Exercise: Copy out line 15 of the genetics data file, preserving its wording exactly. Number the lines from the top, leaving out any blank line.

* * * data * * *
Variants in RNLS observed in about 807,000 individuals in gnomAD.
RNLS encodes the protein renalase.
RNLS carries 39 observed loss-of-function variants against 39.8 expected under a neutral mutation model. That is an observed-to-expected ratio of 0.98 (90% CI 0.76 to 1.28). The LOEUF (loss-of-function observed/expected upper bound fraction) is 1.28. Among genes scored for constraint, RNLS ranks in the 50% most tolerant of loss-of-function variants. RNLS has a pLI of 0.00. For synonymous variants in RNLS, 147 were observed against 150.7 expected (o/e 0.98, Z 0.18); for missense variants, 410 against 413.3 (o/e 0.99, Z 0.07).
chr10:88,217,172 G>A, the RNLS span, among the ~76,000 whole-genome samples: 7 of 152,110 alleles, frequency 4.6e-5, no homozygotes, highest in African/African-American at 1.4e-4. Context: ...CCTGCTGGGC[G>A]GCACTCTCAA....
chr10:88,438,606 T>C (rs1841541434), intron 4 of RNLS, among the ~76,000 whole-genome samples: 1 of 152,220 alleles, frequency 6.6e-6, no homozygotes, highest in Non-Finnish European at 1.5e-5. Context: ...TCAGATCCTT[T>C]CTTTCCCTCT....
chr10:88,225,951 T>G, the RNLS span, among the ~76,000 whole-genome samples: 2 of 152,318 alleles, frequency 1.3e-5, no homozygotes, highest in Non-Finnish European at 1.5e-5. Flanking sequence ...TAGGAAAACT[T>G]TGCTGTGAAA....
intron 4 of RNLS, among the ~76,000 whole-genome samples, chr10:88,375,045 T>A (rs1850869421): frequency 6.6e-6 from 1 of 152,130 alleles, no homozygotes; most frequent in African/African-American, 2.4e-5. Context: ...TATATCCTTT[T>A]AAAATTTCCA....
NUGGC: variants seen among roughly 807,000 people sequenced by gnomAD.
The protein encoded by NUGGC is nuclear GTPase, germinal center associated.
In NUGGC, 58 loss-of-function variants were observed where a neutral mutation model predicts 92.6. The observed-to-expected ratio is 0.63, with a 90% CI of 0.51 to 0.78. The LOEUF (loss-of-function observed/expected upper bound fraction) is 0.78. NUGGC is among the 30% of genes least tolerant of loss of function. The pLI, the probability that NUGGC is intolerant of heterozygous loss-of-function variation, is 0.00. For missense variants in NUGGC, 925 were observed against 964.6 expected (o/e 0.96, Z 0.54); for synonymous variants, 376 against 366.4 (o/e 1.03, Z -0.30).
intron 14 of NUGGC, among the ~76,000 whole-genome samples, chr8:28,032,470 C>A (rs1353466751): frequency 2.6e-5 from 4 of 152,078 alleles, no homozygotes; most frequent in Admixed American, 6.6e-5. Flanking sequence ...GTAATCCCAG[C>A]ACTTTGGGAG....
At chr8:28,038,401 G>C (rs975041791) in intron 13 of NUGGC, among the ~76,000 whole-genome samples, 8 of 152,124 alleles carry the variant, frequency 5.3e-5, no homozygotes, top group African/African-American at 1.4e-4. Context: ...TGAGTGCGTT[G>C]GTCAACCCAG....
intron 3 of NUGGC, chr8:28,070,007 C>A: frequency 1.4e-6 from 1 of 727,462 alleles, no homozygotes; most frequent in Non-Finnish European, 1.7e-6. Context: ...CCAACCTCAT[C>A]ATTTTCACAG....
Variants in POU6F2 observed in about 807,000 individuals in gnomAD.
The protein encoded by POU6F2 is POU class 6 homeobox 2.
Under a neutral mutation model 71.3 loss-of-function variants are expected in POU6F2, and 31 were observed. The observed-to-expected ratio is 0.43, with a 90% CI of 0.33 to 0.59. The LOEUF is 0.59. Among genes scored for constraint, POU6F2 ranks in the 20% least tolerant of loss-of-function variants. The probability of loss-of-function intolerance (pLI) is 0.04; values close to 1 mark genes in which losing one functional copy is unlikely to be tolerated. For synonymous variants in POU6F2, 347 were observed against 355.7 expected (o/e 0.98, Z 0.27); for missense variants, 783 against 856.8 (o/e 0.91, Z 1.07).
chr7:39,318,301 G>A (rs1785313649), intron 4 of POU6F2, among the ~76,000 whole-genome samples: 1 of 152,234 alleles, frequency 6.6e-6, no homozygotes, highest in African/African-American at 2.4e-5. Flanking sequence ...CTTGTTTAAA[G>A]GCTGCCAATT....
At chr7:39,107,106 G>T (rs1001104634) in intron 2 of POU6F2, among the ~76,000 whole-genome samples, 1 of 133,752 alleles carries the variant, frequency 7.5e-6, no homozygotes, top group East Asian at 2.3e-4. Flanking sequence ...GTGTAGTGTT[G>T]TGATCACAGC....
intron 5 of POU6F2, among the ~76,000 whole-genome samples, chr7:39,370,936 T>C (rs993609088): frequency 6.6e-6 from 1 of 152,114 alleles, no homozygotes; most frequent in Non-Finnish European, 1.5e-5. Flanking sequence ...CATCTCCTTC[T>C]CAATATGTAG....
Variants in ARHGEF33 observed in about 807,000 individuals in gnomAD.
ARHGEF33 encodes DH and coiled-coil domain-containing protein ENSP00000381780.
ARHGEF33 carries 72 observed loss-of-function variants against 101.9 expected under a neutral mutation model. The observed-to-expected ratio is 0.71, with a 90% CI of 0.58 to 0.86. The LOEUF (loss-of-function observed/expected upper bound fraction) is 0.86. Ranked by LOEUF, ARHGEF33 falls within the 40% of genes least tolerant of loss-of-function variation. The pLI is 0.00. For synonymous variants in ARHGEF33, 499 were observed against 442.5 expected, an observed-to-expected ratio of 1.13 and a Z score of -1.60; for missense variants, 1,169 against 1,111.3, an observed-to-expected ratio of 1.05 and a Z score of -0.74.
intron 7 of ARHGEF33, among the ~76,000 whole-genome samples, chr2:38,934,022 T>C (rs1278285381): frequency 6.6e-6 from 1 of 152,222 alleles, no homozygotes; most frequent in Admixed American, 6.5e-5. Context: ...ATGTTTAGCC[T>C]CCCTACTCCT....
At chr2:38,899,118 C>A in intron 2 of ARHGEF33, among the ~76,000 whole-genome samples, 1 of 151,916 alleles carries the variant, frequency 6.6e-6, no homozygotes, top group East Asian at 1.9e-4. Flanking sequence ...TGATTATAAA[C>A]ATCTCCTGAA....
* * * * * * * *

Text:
The protein encoded by POU6F2 is POU class 6 homeobox 2.